I would also like to acknowledge Carolyn Korsmeyer once again, without whom my work on the topic of food and art would have been impossible.  I highly recommend her book Making Sense of Taste: Food & Philosophy, and I would also like to point out that she published a new book last year that might be of equal interest: Savoring Disgust: The Foul and the Fair in Aesthetics.

Finally, as this post will appear above the previous eight, below are the individual links to each part of “How Food Can Be Art: A Discussion of Taste.”

Further reading:

How Food Can Be Art: A Discussion of Taste (Part 8 of 8)

Conclusion

In conclusion, we have seen how the sense of taste (along with smell and touch) was debased throughout the history of philosophy as a lower sense, a position that left knowledge and beauty unattainable to it. We then looked at how this erroneous position, exemplified by Kant, could be countered using the gastronomical insight of Jean Anthelme Brillat-Savarin and the empirical philosophy of David Hume. Taking up the philosophy of Hume in particular, we were able to examine the similarity between food and art and between sensory taste and aesthetic taste. These similarities were illustrated in the contemporary example that compared the cultivability of a taste in cilantro to the cultivability of a taste in slow cinema. Finally, we looked at potential challenges to the analogy between taste in food and taste in art. These challenges included the sensory limitations found in individual palettes, potential physical dangers present in food and in the act of ingestion, and the idea that food cannot have meaning beyond its instrumental value. In regard to the last challenge, we not only demonstrated the wide assortment of aesthetic meaning that food can carry, but we also showed that certain foods can even suggest death.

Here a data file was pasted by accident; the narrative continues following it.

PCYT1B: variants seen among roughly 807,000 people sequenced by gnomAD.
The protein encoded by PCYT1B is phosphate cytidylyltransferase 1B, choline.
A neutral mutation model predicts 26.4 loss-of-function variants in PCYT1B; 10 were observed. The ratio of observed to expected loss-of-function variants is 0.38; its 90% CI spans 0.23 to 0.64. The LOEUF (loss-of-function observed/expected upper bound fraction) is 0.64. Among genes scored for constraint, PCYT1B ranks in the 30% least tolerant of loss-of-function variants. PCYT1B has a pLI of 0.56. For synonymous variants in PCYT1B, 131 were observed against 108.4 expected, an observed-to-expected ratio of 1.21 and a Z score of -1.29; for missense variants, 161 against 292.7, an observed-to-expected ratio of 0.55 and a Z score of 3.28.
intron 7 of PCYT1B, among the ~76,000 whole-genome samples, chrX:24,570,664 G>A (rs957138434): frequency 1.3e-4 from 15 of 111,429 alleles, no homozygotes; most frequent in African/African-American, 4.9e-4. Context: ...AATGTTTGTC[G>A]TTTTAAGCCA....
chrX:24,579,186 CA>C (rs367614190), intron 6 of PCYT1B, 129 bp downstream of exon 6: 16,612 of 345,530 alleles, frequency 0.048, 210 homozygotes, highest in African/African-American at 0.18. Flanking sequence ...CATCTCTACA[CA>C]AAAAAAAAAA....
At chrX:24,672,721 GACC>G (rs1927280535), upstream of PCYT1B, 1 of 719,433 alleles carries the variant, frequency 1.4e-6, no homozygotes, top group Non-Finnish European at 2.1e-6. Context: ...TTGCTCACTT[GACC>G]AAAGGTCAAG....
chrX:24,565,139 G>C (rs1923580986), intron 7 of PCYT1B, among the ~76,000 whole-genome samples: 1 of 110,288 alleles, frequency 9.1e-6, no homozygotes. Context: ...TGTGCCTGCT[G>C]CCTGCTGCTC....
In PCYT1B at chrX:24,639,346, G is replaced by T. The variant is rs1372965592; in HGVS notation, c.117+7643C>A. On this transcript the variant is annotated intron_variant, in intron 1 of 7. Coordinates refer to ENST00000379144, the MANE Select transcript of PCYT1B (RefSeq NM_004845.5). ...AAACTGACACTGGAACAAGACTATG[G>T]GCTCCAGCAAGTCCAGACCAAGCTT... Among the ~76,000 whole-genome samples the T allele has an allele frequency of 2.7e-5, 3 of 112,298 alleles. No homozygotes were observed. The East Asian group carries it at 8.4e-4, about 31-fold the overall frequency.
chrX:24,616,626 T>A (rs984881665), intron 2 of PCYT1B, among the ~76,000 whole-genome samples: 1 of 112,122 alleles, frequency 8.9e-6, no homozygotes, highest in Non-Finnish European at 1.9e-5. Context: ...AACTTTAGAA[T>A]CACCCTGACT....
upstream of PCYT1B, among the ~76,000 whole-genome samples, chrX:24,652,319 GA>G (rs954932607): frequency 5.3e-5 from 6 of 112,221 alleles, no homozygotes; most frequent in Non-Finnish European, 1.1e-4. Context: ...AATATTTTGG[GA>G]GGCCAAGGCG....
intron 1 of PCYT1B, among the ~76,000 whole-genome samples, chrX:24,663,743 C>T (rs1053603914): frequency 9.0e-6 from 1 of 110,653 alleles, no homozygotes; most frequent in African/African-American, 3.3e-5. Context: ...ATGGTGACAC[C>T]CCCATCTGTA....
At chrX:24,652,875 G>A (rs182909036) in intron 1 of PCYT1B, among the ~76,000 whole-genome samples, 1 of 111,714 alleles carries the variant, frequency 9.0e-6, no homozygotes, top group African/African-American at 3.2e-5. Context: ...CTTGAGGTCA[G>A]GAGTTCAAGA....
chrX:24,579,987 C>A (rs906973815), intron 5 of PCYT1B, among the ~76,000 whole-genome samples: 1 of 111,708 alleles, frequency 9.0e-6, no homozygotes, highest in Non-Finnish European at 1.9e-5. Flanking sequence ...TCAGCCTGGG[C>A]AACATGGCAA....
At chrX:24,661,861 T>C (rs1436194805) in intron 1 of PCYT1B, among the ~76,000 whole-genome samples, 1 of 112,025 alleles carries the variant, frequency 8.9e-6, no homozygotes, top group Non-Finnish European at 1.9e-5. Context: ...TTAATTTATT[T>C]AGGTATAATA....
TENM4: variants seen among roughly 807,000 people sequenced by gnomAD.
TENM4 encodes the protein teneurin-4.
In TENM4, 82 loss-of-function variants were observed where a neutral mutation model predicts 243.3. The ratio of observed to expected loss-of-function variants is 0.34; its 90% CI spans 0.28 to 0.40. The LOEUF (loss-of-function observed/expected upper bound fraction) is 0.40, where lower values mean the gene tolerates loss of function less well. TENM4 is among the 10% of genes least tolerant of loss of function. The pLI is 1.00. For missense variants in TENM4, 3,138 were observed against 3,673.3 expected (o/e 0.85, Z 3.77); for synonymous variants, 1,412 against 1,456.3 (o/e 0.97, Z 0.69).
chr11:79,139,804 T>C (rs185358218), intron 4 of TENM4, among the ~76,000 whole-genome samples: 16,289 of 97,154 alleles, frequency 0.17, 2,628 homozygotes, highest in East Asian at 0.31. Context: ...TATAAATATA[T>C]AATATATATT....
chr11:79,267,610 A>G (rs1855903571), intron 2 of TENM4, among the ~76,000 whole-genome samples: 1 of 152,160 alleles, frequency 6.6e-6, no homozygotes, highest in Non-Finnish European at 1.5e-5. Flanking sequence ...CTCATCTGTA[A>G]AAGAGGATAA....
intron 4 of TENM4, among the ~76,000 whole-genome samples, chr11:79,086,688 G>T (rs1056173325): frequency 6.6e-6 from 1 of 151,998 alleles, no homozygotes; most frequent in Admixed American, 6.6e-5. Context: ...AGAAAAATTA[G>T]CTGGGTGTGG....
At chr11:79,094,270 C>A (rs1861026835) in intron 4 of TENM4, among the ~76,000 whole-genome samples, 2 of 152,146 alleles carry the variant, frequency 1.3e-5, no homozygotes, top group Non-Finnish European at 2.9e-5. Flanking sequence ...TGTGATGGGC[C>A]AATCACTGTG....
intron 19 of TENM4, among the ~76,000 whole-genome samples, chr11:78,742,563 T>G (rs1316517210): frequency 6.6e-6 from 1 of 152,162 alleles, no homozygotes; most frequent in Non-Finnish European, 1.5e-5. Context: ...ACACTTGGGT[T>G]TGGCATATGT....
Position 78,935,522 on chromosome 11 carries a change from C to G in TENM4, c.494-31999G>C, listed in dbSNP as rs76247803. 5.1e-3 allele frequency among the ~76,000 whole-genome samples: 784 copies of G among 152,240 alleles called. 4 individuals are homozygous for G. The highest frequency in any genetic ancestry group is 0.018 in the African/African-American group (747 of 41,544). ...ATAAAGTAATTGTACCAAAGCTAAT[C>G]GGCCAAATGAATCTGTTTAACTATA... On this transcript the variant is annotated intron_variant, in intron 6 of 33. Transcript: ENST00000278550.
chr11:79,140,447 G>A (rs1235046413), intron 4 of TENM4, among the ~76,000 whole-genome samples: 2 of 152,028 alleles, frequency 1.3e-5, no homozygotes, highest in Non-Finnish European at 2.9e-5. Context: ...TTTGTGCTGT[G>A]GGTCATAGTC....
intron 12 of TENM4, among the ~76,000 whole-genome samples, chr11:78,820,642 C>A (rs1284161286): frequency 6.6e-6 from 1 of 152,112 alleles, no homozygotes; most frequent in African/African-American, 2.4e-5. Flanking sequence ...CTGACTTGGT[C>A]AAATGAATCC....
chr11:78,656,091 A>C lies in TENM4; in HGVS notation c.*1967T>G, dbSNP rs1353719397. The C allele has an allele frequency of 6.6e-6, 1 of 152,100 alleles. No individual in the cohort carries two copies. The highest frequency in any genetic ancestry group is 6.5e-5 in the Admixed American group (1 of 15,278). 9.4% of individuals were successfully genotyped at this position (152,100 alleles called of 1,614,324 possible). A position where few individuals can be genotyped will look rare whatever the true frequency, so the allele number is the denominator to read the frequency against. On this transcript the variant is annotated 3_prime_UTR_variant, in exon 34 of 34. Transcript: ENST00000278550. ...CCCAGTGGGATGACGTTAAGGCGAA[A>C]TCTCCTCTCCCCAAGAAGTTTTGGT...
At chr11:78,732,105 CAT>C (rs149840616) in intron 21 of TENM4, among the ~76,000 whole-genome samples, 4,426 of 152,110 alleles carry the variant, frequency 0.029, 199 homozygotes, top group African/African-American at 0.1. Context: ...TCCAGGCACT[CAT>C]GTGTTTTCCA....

Thus, to return to the question of our introduction: should Ferran Adria have been invited to participate in the Documenta art show? Because the arguments against the idea that food can be art ring hollow under careful scrutiny, the answer must be yes.

Coincidentally, in 2007, the same year that the inclusion of Adria in the Documenta art show caused such a stir, Pixar released the film Ratatouille, written and directed by Brad Bird. The film tells the story of a rat who wants to be a chef. In the end, he succeeds, winning over his toughest critic, Anton Ego. Curiously, Ego does not say that he was surprised that a rat could become a great chef; instead, he uses language that can also be used to argue for Adria: “Not everyone can become a great artist, but a great artist can come from anywhere” (Ratatouille). Indeed–even from the kitchen.

References

How Food Can Be Art: A Discussion of Taste (Part 7 of 8)

The Aesthetic Meanings of Food and How Food Can Suggest Death

In “Disputing Taste,” Carolyn Korsmeyer writes: